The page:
The Palestinian Papers

I suppose I should come up with something to say about the Palestine Papers that are the news of the day.

Others have already pointed out the peculiarity of these documents, which claim that Palestinian Authority leaders had accepted every compromise necessary for a peace settlement (despite having publically rejected these very terms for decades). Stories claiming that the PA was willing to recognize Israel as a Jewish state a year before that issue was even mentioned by Israeli negotiators makes the whole storyline more than suspicious.

If a consensus is emerging that these documents are a mixed of genuine meeting notes laced with strategic manipulations (notably presenting Israeli compromises as Palestinian ones), run through a media filter anxious to create the twin storyline of Israeli intransigence and Palestinian capitulation, the dynamic that has taken hold since their release is similar to that which greeted the Wikileaks story upon which the Palestinian Papers were modeled.

Like Wikileaks, the Palestinian Papers are a Rorschach Test which reveal much more about those who are analyzing the documents than anything the documents themselves say. Across the political spectrum, news analysts and commentators first scoured the trove of Wikileaks releases to find materials that supported their pre-existing political leanings, before genuflecting before idols claiming that Julian Assange (the head of Wikileaks) was either a free-speech saint or treasonous rapist.

For liberals, Wikileak documents demonstrated the cynicism of American realpolitik (especially those that could be laid at the feet of their bête noir of Bush/Cheney). For conservatives, they demonstrated their characterization of the present administration as feckless foreign-policy amateurs. Israel’s friend and foes got into the game, the former pointing out that Israel’s concerns over Iranian nukes were shared by most of the regimes in the region (at least in private), while the latter read into the Wiki documents nefarious Israeli schemes for crippling Gaza or going to war with Lebanon.

Because the Wikileak arsenal provided ammunition to both sides of our stultified Left-Right divide, the wider issues regarding this latest tear at our civic fabric took a backseat to snatching what one could for near-term political gain. But now that we have made it clear that private discussions between leaders, diplomats, employers and employees might very well land on the front pages, how much will not be said in the future what will be the result of jaw-jaw no longer being as easy an alternative to war-war?

As with most things, the replication of a phenomenon in the context of the Arab-Israeli conflict only makes these issues simultaneously more simplistic and stark. As far as I know, none of the Wikileaks revelations were exposed or even condemned as forgeries. But in the case of the Palestinian Papers, we have now moved from accepting the legitimacy of releasing secret documents to the public to accepting the legitimacy of any document (no matter how questionable) so long as it is part of some sort of unauthorized leak. If concerns over media credulity was running high before the Palestinian Papers hit the airwaves, the media’s swallowing whole not just the document’s authenticity but a storyline pre-packaged for them by Al Jazeera only accelerates the destruction of another civic cornerstone: trust in our news sources.

But it is the Palestinian Authority and the peace process itself which is the real target for this attack-leak, something demonstrated daily since the story broke with editorials and cartoons condemning the PA for even considering compromises (even unproven ones) that have been at the cornerstone of peace negotiations for decades. If negotiations were always going to be difficult, it’s safe to say they are now impossible after having put one party (the PA) on notice of what they can expect if they ever cross the threshold and doing what the Palestinian Papers claim they have done (i.e., negotiate on difficult issues that would require compromise on both sides).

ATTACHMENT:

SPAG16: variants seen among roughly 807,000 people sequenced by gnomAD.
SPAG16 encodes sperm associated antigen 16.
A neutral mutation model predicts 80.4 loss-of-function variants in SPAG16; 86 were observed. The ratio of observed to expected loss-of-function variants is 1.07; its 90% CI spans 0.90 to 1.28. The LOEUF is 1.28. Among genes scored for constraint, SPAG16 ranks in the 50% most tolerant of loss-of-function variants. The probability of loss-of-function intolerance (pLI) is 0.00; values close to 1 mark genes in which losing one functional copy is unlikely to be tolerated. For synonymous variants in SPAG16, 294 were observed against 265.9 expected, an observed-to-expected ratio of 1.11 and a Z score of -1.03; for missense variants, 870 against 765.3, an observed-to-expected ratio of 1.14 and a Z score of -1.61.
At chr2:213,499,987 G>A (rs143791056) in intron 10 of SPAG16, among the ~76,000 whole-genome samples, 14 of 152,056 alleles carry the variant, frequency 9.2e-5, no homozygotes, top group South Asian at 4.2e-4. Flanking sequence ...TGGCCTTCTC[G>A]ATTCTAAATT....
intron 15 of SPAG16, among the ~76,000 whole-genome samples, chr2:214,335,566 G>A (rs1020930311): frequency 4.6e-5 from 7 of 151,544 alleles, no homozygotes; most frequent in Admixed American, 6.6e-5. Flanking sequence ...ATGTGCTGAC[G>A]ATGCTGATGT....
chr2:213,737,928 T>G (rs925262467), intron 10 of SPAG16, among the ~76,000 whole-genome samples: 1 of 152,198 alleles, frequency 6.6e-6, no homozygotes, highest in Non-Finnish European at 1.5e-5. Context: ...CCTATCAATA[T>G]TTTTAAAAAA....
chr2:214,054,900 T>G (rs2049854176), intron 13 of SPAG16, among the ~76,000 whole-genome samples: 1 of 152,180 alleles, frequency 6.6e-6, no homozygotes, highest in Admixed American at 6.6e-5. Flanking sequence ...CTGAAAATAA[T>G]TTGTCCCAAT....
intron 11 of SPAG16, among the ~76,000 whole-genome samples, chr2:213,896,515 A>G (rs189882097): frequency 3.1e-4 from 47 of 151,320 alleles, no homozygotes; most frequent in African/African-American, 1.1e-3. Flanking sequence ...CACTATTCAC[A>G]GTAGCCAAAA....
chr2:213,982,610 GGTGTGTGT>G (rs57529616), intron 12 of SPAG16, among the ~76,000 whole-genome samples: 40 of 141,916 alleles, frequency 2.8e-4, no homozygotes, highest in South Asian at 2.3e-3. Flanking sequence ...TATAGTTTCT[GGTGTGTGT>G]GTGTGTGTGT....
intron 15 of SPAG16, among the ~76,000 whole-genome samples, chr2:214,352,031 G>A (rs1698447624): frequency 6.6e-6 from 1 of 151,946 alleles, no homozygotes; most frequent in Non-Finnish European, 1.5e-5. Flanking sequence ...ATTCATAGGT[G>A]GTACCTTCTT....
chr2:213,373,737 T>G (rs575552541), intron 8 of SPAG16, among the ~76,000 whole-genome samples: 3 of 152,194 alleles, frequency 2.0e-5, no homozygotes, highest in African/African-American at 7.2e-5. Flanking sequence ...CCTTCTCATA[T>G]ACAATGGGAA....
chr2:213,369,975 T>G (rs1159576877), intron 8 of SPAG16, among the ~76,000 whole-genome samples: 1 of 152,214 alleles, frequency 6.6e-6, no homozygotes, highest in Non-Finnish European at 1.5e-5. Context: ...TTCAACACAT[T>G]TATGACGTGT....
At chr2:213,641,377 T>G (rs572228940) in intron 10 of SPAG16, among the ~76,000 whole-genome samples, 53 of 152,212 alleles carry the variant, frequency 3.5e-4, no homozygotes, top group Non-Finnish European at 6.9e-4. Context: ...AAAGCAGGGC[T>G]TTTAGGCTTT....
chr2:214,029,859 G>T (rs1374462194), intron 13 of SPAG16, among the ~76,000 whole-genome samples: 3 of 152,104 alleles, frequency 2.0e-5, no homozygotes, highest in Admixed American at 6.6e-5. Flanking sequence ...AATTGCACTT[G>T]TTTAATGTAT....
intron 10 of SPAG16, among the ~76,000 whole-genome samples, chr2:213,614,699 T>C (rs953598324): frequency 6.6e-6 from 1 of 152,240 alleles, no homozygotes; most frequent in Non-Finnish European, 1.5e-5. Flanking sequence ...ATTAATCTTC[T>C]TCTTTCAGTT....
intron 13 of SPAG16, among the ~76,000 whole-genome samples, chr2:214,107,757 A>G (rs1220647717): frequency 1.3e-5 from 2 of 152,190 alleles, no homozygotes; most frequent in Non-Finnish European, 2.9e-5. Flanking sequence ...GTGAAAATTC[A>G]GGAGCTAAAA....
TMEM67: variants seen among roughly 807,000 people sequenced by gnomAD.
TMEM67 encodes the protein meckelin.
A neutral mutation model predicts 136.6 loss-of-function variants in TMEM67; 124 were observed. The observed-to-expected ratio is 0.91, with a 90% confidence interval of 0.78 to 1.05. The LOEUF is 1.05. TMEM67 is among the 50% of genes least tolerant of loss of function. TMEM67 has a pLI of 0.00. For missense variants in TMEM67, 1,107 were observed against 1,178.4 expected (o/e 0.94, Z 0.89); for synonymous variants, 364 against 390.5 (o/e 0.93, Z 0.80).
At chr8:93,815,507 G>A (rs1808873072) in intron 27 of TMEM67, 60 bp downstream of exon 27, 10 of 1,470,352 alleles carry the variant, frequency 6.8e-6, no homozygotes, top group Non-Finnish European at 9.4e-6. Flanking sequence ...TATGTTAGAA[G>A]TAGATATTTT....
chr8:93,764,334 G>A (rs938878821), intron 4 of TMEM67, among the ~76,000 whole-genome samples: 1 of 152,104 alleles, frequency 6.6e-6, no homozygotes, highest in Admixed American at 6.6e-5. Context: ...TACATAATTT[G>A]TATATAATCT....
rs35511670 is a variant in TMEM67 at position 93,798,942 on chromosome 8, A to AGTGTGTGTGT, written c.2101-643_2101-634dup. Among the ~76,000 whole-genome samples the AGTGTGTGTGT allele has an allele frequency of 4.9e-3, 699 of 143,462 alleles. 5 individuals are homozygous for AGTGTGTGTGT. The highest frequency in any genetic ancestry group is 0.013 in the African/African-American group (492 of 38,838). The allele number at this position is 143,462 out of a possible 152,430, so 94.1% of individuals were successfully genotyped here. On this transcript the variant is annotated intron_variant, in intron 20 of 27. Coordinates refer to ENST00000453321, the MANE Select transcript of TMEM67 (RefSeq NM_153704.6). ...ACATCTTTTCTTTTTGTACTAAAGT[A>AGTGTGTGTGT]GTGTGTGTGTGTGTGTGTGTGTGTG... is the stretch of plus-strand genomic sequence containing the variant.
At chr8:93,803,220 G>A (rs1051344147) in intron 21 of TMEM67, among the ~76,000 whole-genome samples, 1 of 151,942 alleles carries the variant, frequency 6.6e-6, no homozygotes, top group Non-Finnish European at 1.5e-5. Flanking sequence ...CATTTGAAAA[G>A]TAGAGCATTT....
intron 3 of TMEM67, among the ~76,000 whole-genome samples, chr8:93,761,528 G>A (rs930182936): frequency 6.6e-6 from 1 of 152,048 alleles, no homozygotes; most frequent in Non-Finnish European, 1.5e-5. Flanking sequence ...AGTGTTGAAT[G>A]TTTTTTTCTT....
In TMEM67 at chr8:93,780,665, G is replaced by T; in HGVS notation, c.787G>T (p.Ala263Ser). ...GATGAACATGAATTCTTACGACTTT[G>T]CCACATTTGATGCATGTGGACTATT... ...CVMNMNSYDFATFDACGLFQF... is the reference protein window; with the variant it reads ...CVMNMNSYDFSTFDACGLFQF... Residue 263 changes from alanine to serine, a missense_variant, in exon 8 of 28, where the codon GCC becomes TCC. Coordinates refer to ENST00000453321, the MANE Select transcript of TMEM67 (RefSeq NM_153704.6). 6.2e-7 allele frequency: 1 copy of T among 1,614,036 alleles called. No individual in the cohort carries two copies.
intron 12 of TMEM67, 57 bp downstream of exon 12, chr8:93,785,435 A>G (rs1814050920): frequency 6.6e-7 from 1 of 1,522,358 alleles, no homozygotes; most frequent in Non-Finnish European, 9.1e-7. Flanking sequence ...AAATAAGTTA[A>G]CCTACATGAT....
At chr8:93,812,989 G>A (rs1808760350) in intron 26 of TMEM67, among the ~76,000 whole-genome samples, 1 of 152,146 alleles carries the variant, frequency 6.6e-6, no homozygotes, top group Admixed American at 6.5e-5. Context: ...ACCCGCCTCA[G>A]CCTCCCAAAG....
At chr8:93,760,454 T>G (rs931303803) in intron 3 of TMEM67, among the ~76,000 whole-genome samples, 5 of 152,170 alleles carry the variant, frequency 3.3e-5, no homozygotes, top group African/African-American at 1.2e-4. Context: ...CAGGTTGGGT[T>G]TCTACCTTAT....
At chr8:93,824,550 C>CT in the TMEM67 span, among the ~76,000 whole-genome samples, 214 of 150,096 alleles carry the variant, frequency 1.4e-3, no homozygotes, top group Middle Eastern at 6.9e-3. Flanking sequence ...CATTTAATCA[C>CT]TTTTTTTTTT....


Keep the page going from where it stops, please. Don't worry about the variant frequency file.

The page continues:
I suppose this ties the Palestinian Papers story back to the topic of this blog: BDS. For the people who are now roundly condemning the Palestinians for just alleged threats of compromise are the same ones who claim that the only true means of achieving Palestinian aspirations is to abandon negotiation entirely in favor of pressure on Israel in the form of boycott, divestment and sanction. Yet the abandonment of negotiations (or making negotiations impossible) has but one result at the end of that day: endless, violent conflict (during which the BDSers will take to the streets in wild-eyed “anti-war” hysteria, but only after Israel decides to return fire).

Ironically, those threatening the Palestinians with public humiliation, boycott or worse if they ever attempt to find common ground with their Jewish neighbors also claim to be champions of peace (which is why they put the word into their organizational names and every third word of their press releases). Yet as the response to the Palestinian Papers demonstrates, these groups are at best cheerleaders for, at worst adjuncts to non-stop war.

One thought on “The Palestinian Papers”

  1. Thank you for accurately showing that cheerleaders for BDS and the P-Papers both want the same thing: a final result where the Palestinians receive 100% of their maximalist demands and Israel receives 0% of their minimalist ones. They don't want a two-state resolution to the conflict, end of story, and view anyone who might support it as, in the words of The Guardian, “craven”. I know I've written this many times before, but I'll say it again: there are parties who believe there is a zero-sum victory answer for the Israel-Palestinian conflict. There isn't one.

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